Wednesday, March 16, 2016

Make Memories With Embroidery

When Maria doodled this darling quartet of kitties, I fell in love with their cool cat style. But, art on a white board is interim, and I really wanted these guys to last. First step: I took a picture of them. I love having photographs of my children's art, a keepsake I can share, and enjoy. But, I was still feeling a need to have the kitties around, so I decided to embroider them on a tea towel. It's easy to do, and makes a thoughtful gesture of admiration for anyone's doodle art.

*The cloth I used was from the kitchen supplies (oven mitts, and dishcloth aisle) at Target. Four cotton, square cloths were sold together, and I like them for covering rising dough, drying dishes, wrapping up baked bread, tortillas, covering bowls of prepared food at a picnic. These sort of towels come in different qualities of cotton, and this particular one was a bit too light... the weave is very lose, and almost gauze-like. In retrospect, I would have looked for something a bit heavier, more stable.*


  • Cotton cloth
  • photocopy of art
  • pencil
  • tape
  • embroidery floss
  • embroidery needle
  • embroidery hoop
  • a light box or a bright window pane
Our improvised light box.
I made a black and white print of Maria's kitties, and taped the picture to a bright window pane. Next, I centered the dish towel over the picture, so that I could trace the kitties onto the cloth with a #2 pencil (The pencil lines wash out.) I didn't change the size of the original kitties, but you can choose to increase or decrease the image before printing it, if it will look better, or make embroidering your image easier.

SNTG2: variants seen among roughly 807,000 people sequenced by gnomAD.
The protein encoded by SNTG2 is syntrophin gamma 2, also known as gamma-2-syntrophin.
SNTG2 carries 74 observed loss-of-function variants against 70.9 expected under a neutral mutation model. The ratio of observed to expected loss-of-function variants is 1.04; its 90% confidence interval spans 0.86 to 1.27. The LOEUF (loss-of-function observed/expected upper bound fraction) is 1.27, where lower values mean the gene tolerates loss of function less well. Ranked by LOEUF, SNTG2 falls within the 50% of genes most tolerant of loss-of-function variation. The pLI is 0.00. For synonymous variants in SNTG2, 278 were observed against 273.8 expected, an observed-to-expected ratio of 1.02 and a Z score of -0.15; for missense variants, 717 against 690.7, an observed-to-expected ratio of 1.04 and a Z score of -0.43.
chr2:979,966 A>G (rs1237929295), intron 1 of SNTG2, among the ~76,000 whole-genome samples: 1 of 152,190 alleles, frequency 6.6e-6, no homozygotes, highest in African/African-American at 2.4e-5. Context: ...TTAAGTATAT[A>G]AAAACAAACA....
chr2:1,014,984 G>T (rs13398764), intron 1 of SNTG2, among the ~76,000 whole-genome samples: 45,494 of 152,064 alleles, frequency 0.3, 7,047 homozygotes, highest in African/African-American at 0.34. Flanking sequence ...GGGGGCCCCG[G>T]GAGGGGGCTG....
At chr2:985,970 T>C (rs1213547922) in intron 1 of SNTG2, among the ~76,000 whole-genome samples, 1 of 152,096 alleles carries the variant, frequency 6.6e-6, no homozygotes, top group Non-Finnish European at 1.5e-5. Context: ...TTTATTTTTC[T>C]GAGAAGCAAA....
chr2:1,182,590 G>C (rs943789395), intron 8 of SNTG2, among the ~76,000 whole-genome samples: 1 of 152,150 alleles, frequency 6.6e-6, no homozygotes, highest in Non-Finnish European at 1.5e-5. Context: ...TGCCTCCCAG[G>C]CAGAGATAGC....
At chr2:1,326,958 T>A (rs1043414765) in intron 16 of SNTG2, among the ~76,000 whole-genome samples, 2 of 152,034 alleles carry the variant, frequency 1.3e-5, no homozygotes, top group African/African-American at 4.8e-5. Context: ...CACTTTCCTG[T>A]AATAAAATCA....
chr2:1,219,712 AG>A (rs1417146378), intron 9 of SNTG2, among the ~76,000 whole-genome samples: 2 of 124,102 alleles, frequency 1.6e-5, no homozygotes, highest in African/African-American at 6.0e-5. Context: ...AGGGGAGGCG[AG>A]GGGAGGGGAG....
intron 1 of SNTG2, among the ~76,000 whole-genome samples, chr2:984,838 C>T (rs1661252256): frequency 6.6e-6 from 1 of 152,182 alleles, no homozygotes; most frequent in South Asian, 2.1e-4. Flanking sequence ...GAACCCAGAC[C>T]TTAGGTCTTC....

Here are the kitties, traced from my make shift window pane light box! Because this cloth is so light, and the weave is uneven, it wanted to shift around a lot. Holding it down, with my hands, and more tape helped to stabilize it, but you can expect it to be an imperfect reproduction; fix any wayward lines as you go.
The hoop keeps the cloth stable, so I can keep my stitches even and taut. I had to be careful not too over stretch the cloth... again, this was due to how light and open the weave was. The dish towel warped very easily. I used a slip stitch to embroider Maria's drawing, outlining each figure in three strands of black embroidery floss. A back stitch would work nicely, too.
And here they are... looking as adorable as ever. After a run through the wash and dryer, you can see this cotton is quite irregular, and wrinkly, but I think it's all pretty adorable just the same. Embroidery is not hard to learn, and there are beautiful, inspiring books out there, like Alicia Paulson's Embroidery Companion. The charm of this project is how simple it is, but if the idea of embroidering is too much, consider bringing out fabric markers. Your artist can make original art directly on the dish towels, or you can trace a favorite piece using the same light box technique!